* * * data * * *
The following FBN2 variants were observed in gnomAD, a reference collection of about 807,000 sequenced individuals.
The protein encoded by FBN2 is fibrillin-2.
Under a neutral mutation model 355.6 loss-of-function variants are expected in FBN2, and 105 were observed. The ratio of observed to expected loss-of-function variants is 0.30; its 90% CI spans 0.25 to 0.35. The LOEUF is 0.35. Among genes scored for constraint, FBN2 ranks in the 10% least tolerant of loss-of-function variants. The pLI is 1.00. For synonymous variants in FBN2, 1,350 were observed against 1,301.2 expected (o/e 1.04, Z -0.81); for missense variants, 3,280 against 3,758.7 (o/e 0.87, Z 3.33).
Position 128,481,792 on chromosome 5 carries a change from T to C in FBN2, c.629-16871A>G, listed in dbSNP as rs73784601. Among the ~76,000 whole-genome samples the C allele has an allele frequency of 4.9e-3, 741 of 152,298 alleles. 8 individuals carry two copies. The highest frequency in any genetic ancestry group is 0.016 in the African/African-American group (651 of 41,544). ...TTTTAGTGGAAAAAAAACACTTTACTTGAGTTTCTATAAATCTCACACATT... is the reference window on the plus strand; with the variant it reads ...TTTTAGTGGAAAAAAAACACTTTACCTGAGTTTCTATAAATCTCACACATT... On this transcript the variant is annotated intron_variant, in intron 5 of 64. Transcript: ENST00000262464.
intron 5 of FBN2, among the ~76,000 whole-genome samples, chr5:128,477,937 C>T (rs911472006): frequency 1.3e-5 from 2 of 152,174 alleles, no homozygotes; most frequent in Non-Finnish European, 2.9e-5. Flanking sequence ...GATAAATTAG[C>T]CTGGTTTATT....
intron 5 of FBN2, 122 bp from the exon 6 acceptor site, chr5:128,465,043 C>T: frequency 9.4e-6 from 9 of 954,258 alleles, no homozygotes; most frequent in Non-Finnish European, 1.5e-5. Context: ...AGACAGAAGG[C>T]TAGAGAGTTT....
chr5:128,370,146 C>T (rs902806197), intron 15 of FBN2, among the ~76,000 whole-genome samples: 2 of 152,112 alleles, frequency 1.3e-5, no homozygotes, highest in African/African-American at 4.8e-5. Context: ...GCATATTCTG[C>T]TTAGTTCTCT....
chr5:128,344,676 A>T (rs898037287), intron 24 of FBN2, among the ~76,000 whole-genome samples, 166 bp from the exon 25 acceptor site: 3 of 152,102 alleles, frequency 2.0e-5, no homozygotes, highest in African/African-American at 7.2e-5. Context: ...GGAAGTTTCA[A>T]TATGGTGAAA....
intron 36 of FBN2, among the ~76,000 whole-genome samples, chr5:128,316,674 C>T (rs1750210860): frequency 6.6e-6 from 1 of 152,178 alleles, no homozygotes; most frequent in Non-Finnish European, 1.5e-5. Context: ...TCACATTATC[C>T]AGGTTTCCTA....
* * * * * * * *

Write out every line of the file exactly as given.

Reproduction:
The following FBN2 variants were observed in gnomAD, a reference collection of about 807,000 sequenced individuals.
The protein encoded by FBN2 is fibrillin-2.
Under a neutral mutation model 355.6 loss-of-function variants are expected in FBN2, and 105 were observed. The ratio of observed to expected loss-of-function variants is 0.30; its 90% CI spans 0.25 to 0.35. The LOEUF is 0.35. Among genes scored for constraint, FBN2 ranks in the 10% least tolerant of loss-of-function variants. The pLI is 1.00. For synonymous variants in FBN2, 1,350 were observed against 1,301.2 expected (o/e 1.04, Z -0.81); for missense variants, 3,280 against 3,758.7 (o/e 0.87, Z 3.33).
Position 128,481,792 on chromosome 5 carries a change from T to C in FBN2, c.629-16871A>G, listed in dbSNP as rs73784601. Among the ~76,000 whole-genome samples the C allele has an allele frequency of 4.9e-3, 741 of 152,298 alleles. 8 individuals carry two copies. The highest frequency in any genetic ancestry group is 0.016 in the African/African-American group (651 of 41,544). ...TTTTAGTGGAAAAAAAACACTTTACTTGAGTTTCTATAAATCTCACACATT... is the reference window on the plus strand; with the variant it reads ...TTTTAGTGGAAAAAAAACACTTTACCTGAGTTTCTATAAATCTCACACATT... On this transcript the variant is annotated intron_variant, in intron 5 of 64. Transcript: ENST00000262464.
intron 5 of FBN2, among the ~76,000 whole-genome samples, chr5:128,477,937 C>T (rs911472006): frequency 1.3e-5 from 2 of 152,174 alleles, no homozygotes; most frequent in Non-Finnish European, 2.9e-5. Flanking sequence ...GATAAATTAG[C>T]CTGGTTTATT....
intron 5 of FBN2, 122 bp from the exon 6 acceptor site, chr5:128,465,043 C>T: frequency 9.4e-6 from 9 of 954,258 alleles, no homozygotes; most frequent in Non-Finnish European, 1.5e-5. Context: ...AGACAGAAGG[C>T]TAGAGAGTTT....
chr5:128,370,146 C>T (rs902806197), intron 15 of FBN2, among the ~76,000 whole-genome samples: 2 of 152,112 alleles, frequency 1.3e-5, no homozygotes, highest in African/African-American at 4.8e-5. Context: ...GCATATTCTG[C>T]TTAGTTCTCT....
chr5:128,344,676 A>T (rs898037287), intron 24 of FBN2, among the ~76,000 whole-genome samples, 166 bp from the exon 25 acceptor site: 3 of 152,102 alleles, frequency 2.0e-5, no homozygotes, highest in African/African-American at 7.2e-5. Context: ...GGAAGTTTCA[A>T]TATGGTGAAA....
intron 36 of FBN2, among the ~76,000 whole-genome samples, chr5:128,316,674 C>T (rs1750210860): frequency 6.6e-6 from 1 of 152,178 alleles, no homozygotes; most frequent in Non-Finnish European, 1.5e-5. Context: ...TCACATTATC[C>T]AGGTTTCCTA....